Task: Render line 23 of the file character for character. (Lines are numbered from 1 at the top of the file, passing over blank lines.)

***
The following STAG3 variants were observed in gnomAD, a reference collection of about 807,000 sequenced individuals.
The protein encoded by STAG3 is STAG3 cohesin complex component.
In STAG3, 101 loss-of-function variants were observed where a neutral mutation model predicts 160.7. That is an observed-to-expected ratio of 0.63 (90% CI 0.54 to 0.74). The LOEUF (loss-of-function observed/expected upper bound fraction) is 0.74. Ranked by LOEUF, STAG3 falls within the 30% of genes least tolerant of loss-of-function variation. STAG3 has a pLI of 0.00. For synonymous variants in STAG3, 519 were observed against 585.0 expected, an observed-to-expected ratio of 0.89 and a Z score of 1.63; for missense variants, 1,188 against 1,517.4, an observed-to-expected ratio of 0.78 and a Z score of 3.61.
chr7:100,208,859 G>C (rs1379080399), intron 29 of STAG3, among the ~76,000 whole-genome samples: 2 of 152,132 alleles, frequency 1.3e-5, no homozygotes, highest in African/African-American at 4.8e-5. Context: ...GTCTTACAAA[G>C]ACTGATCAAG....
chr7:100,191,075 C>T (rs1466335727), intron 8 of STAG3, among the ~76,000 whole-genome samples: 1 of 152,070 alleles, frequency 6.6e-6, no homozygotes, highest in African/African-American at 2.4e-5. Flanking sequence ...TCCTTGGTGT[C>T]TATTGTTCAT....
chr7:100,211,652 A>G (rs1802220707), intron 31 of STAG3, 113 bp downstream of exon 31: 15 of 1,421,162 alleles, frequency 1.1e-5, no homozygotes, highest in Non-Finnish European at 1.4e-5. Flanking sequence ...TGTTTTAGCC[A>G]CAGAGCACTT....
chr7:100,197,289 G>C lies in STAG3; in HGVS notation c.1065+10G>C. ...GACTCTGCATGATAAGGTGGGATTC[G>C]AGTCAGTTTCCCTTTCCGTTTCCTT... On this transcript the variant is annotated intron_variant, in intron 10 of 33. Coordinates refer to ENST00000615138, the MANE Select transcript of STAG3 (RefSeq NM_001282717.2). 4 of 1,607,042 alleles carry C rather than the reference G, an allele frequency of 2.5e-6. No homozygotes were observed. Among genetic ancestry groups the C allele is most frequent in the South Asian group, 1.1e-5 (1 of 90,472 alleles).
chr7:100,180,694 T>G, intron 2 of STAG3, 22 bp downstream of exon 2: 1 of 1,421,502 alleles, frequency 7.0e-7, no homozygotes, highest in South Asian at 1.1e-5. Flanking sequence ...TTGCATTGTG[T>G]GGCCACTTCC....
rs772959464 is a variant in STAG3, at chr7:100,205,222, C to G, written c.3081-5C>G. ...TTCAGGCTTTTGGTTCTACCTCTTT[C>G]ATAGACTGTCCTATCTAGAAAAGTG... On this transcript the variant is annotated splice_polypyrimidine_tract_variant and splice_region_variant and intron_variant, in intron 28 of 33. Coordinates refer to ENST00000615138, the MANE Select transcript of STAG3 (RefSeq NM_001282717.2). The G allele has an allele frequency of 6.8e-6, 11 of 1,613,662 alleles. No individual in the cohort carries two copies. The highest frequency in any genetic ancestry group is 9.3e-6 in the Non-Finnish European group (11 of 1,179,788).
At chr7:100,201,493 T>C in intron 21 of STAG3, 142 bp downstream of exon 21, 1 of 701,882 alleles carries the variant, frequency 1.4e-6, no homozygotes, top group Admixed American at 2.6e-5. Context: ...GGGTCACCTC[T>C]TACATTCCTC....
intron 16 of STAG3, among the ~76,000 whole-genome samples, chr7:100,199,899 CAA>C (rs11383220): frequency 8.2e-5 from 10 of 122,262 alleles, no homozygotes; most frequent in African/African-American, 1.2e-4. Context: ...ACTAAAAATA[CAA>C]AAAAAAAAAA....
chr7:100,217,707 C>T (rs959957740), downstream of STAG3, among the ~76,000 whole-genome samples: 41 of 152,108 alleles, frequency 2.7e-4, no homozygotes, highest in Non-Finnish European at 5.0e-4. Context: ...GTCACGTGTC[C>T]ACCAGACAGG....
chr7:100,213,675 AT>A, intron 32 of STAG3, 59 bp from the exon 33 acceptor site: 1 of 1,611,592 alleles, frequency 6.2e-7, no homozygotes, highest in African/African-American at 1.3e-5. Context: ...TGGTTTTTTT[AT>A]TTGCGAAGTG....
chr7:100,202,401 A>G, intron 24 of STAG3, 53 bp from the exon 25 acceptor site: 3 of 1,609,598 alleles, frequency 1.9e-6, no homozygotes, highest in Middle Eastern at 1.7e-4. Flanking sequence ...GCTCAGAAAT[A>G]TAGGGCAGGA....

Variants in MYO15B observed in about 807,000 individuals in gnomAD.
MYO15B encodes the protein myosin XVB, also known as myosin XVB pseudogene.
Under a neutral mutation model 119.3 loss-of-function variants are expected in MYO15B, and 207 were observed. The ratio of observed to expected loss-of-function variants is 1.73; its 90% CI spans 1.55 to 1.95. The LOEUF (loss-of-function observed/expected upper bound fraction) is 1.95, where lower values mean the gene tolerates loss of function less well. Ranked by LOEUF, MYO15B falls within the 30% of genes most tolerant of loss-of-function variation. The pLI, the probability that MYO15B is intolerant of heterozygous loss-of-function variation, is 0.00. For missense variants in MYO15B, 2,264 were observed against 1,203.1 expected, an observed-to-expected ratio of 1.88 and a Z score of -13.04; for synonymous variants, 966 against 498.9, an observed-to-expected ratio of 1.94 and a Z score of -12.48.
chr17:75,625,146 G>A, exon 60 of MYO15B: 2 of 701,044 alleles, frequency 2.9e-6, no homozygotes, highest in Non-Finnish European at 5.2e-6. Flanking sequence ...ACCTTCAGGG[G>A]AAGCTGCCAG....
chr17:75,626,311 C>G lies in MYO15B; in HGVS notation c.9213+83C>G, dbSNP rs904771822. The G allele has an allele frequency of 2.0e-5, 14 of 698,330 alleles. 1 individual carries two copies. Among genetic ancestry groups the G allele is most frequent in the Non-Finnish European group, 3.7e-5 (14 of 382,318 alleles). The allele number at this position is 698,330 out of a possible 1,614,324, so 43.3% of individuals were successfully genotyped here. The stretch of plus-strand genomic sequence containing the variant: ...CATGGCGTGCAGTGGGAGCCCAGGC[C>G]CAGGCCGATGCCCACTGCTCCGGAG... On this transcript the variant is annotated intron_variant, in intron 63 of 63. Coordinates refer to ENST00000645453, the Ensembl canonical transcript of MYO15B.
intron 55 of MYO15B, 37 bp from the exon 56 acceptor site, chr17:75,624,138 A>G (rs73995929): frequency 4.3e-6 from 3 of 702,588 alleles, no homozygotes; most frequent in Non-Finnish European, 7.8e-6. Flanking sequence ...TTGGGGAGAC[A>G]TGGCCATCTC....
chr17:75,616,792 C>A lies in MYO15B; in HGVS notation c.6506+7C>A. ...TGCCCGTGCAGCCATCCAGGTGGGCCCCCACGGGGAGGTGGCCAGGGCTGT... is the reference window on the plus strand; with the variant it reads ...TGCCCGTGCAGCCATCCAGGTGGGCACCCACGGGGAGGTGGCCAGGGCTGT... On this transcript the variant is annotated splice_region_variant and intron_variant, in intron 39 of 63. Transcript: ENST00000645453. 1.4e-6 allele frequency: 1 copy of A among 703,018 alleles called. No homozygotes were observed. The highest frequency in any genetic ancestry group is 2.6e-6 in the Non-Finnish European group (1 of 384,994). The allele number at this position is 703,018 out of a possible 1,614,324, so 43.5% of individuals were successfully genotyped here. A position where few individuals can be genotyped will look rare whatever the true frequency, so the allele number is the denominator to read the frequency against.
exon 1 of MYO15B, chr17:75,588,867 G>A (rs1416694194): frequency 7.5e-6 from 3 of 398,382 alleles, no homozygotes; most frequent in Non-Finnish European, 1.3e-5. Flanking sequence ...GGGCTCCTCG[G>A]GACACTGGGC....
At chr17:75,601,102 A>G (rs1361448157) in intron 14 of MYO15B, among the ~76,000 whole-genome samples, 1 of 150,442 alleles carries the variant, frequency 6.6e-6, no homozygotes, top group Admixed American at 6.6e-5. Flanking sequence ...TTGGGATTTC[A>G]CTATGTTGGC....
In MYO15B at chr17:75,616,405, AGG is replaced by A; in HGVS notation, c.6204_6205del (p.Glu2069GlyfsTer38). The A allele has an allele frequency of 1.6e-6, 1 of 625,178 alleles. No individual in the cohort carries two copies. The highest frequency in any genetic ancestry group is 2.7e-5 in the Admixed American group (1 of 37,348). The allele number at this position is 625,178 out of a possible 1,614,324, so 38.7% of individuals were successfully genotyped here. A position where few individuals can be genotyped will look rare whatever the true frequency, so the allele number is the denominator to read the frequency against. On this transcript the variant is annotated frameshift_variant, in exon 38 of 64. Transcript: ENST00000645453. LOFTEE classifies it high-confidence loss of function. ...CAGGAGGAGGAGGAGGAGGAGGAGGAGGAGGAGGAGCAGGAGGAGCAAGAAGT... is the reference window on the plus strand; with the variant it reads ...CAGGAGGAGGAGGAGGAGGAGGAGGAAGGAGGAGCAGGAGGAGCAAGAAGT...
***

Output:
At chr17:75,601,102 A>G (rs1361448157) in intron 14 of MYO15B, among the ~76,000 whole-genome samples, 1 of 150,442 alleles carries the variant, frequency 6.6e-6, no homozygotes, top group Admixed American at 6.6e-5. Flanking sequence ...TTGGGATTTC[A>G]CTATGTTGGC....